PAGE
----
When the quartet of Ted Leonard (vocals/guitar), John Boegehold (synths/keyboards), Jimmy Keegan (drums/vocals), and Dave Meros (bass) announced their new group—Pattern-Seeking Animals—fans immediately wondered how it would differ from their work as part of iconic American progressive rock troupe Spock’s Beard. You see, Leonard and Meros are still active official members; Boegehold is still their contributing songwriter and producer; and despite leaving the band in 2016, Keegan is still a crucial part of their history as well. In other words, only the absence of guitarist Alan Morse and keyboardist Ryo Okumoto prevents Pattern-Seeking Animals from including everyone in Spock’s Beard.
So, does this eponymous debut LP satisfying expectations and warrant its classification away from the members’ home band? For the most part, yes. Despite inevitably sharing many stylistic similarities with Leonard-era Spock’s Beard, Pattern-Seeking Animals is a more commercially viable and succinct venture. Some prolonged and intricate arrangements are there, but it’s more straightforward and less quirkily complex than those records. Of course, that’s undoubtedly part of the point, so while listeners unjustifiably expecting zany flights of fancy may be disappointed by its accessibility, anyone looking for quality songwriting and dense but approachable arrangements may see it as the best LP they’ve ever made together.
In the press release, Boegehold—who spearheaded the project before asking the other three players to join—fittingly describes the balance Pattern-Seeking Animals achieves by saying that it’s “progressive and intricate while keeping things immediate and melodic.” He adds, “Whether a song is four minutes or ten minutes long, I didn’t want more than a few bars go by without some kind of instrumental or vocal hook.” For sure, every piece in the bunch prompts sing-along accompaniment before getting stuck in your head, and as always, the surrounding musicianship is delightfully vibrant and varied.
The disc opens with one of its best offerings, “No Burden Left to Carry.” Its initial mix of flamboyant synths and rising guitar lines—in addition to more forthright acoustic guitar arpeggios, piano chords, and percussion—is at once familiar and exciting. Likewise, Leonard’s soaring lead vocals are as powerful and enticing as ever. As strong as that introductory segment and the ensuing trip into a madcap emotional jam are, however, it’s the implementation of interlocking vocals in conjunction with the alluringly dramatic chorus that really delights and endures. It also winds down to a sorrowful piano ballad near the end, solidifying the quartet’s masterful use of dynamic shifts from start of finish. All in all, it’s absolutely one of the best tracks they ever cut together, and it’s a monumental way to kick off Pattern-Seeking Animals.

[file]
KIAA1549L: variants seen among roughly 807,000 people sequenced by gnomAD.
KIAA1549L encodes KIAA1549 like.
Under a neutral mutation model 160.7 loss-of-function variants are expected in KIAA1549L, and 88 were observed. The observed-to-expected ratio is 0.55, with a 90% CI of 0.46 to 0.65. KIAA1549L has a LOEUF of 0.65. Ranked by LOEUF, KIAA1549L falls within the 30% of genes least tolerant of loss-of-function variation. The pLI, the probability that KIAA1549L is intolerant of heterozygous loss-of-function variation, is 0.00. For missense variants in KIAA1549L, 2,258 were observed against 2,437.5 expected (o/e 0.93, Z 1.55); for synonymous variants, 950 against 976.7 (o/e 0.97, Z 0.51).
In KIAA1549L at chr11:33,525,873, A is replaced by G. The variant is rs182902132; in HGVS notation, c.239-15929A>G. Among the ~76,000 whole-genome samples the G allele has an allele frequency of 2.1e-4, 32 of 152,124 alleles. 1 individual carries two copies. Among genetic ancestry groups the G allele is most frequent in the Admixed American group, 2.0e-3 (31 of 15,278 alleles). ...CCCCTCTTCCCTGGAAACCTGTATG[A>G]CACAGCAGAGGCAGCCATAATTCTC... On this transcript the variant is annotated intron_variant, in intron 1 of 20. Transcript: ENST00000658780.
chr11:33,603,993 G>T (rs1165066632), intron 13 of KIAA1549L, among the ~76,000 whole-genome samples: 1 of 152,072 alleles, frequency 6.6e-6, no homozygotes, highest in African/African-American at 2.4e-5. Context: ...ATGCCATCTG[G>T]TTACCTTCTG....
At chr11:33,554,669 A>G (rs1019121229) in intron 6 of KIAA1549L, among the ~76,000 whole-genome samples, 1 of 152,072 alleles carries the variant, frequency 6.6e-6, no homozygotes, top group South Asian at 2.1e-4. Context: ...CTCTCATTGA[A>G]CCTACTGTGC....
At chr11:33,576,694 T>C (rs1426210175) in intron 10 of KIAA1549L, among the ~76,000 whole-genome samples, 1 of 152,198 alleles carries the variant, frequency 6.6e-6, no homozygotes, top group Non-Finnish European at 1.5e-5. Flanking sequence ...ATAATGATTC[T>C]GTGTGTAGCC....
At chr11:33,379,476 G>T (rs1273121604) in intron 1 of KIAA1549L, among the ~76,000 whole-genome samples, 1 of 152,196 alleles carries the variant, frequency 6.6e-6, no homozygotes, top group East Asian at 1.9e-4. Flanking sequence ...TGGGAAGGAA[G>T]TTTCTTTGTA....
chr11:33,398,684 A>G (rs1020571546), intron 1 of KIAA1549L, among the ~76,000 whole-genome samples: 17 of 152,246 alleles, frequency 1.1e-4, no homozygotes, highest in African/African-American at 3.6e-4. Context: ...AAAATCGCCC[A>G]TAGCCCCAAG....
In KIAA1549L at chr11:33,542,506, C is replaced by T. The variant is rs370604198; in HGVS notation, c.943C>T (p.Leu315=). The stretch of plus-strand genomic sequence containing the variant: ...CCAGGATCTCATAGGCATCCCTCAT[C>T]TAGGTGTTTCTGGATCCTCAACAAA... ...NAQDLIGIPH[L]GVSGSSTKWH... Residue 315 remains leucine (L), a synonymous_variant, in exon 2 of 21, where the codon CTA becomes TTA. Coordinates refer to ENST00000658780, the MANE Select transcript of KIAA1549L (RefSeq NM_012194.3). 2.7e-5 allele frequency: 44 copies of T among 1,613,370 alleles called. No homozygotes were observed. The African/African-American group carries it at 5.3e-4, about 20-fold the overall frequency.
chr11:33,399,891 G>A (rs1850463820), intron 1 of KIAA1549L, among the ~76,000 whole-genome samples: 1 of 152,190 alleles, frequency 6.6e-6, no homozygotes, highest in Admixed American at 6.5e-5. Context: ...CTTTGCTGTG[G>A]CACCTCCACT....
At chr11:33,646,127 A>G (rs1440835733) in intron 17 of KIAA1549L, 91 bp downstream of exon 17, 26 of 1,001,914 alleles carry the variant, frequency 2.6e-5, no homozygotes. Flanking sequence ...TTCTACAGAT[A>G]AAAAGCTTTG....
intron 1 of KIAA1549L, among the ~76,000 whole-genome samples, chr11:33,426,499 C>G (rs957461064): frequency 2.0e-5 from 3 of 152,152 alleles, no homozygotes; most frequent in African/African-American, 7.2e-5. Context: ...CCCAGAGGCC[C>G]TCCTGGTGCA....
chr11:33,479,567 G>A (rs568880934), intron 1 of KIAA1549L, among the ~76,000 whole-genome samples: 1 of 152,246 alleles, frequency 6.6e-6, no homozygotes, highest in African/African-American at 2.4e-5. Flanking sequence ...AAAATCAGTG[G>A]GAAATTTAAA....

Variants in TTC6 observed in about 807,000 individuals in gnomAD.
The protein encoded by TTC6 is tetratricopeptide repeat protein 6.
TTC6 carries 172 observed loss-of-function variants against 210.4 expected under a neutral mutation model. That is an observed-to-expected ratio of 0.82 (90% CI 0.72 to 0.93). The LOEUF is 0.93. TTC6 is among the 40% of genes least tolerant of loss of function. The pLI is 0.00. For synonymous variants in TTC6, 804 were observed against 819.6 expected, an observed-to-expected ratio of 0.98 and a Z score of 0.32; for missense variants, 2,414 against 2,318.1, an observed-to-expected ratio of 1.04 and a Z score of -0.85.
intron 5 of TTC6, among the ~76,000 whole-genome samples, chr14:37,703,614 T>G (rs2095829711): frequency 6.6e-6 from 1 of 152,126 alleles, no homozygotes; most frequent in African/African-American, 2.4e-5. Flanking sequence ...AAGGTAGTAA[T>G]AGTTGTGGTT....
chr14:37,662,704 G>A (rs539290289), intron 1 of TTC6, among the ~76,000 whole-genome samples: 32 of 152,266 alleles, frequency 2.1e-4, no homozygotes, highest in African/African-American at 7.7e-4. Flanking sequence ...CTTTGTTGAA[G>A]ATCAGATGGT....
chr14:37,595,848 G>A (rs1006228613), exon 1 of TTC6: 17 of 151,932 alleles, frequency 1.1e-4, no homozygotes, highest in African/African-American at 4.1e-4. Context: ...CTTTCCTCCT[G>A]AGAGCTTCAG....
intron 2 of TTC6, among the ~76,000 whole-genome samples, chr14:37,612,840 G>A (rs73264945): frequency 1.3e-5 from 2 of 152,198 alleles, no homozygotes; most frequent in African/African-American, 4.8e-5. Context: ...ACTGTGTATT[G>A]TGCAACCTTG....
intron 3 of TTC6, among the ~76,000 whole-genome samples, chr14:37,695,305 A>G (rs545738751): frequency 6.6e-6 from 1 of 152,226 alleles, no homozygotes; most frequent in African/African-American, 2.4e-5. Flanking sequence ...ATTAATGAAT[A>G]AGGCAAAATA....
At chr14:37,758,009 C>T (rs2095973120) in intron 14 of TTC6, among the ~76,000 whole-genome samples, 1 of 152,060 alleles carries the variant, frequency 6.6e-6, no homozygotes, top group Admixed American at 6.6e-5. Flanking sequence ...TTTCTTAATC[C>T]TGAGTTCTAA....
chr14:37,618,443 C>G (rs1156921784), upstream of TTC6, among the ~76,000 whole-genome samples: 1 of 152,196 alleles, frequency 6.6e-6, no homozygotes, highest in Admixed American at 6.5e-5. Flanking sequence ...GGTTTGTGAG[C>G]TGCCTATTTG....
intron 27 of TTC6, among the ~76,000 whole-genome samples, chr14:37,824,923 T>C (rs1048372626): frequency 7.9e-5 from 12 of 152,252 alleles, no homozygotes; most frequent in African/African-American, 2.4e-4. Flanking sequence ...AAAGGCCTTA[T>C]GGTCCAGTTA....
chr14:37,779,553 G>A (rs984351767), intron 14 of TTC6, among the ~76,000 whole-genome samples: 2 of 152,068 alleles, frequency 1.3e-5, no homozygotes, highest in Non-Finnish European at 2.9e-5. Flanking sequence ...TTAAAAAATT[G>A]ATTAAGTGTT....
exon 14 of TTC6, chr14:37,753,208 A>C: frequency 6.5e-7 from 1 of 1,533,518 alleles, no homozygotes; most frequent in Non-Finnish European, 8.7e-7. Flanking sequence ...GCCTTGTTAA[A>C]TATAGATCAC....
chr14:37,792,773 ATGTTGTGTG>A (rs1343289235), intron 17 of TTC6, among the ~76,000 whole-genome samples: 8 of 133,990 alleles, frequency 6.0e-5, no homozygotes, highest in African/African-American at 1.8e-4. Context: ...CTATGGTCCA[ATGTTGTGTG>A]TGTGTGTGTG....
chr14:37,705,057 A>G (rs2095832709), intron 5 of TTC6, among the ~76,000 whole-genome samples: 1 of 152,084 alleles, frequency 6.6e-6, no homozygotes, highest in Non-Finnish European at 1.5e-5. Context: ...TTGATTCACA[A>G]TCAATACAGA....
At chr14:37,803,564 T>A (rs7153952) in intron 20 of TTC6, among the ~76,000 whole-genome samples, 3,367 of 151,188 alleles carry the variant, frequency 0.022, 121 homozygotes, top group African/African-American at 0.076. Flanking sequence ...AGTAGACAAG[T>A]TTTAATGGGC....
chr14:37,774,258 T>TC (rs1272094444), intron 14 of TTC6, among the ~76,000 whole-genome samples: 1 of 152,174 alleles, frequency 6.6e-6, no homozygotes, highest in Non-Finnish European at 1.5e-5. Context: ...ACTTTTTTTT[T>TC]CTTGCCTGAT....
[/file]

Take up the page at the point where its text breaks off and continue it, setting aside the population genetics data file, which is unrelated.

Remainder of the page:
That one may be the most immediately impressive selection in the sequence, but each one that follows earns its place as well. For instance, the brighter “Orphans of the Universe” and “These Are My Things” uphold that blend of memorable hooks and colorfully challenging wordless breaks while also feeling sufficiently individualized. In contrast, “The Same Mistakes Again” and “Fall Away” are largely lusher and simpler odes ornamented with lovely symphonic touches. In-between, the bombastically celebratory rock and roll extravagance of “No One Ever Died and Made Me King” makes it infectiously fun, whereas “These Are My Things” is filled with chic pop culture references and seductively mysterious ethers. Appropriately, “We Write the Ghost Stories” is playfully eerie and off-kilter yet welcoming; “No Land’s Man” employs whistles to enhance its chipper, life-affirming momentum; and closer “Stars Along the Way” is suitably cosmic, weighty, and affective, with consistently alternating timbres adding constant intrigue below Leonard’s mountainous melodies. It’s intense and serene at the same time, leaving you in awe and making you want to hear the whole thing again ASAP.
Anyone who’s followed Leonard-era Spock’s Beard knew that Pattern-Seeking Animals would be quite good, at the very least, but few could’ve anticipated just how exceptionally written, performed, and tight it is. In other words—and without implicitly implying that any of their previous outings suffered from this—it’s faultlessly focused and composed, without an ounce of figurative fat to trim. Rather, the songwriting is top-notch all the way through, and the ways in which they exercise their chops as instrumentalists and vocalists beneath and around that core asset is always outstanding. As such, it’s establishes Pattern-Seeking Animals as an entity that’s distinct from—yet on par with—their more established and revered other outlet.
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